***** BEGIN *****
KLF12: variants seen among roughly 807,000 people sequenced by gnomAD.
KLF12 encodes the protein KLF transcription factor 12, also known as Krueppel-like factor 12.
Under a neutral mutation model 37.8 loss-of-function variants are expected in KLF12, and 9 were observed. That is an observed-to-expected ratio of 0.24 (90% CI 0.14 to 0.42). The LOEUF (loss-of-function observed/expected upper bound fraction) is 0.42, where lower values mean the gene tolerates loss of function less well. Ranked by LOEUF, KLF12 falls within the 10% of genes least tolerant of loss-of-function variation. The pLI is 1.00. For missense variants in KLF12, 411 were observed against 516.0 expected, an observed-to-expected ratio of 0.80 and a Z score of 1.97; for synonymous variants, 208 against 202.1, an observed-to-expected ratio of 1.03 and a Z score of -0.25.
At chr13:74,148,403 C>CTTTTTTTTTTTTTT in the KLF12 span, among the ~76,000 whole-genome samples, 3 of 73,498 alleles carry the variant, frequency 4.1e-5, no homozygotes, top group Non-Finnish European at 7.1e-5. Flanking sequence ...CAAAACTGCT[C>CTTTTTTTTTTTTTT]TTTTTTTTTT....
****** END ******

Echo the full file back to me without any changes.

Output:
KLF12: variants seen among roughly 807,000 people sequenced by gnomAD.
KLF12 encodes the protein KLF transcription factor 12, also known as Krueppel-like factor 12.
Under a neutral mutation model 37.8 loss-of-function variants are expected in KLF12, and 9 were observed. That is an observed-to-expected ratio of 0.24 (90% CI 0.14 to 0.42). The LOEUF (loss-of-function observed/expected upper bound fraction) is 0.42, where lower values mean the gene tolerates loss of function less well. Ranked by LOEUF, KLF12 falls within the 10% of genes least tolerant of loss-of-function variation. The pLI is 1.00. For missense variants in KLF12, 411 were observed against 516.0 expected, an observed-to-expected ratio of 0.80 and a Z score of 1.97; for synonymous variants, 208 against 202.1, an observed-to-expected ratio of 1.03 and a Z score of -0.25.
At chr13:74,148,403 C>CTTTTTTTTTTTTTT in the KLF12 span, among the ~76,000 whole-genome samples, 3 of 73,498 alleles carry the variant, frequency 4.1e-5, no homozygotes, top group Non-Finnish European at 7.1e-5. Flanking sequence ...CAAAACTGCT[C>CTTTTTTTTTTTTTT]TTTTTTTTTT....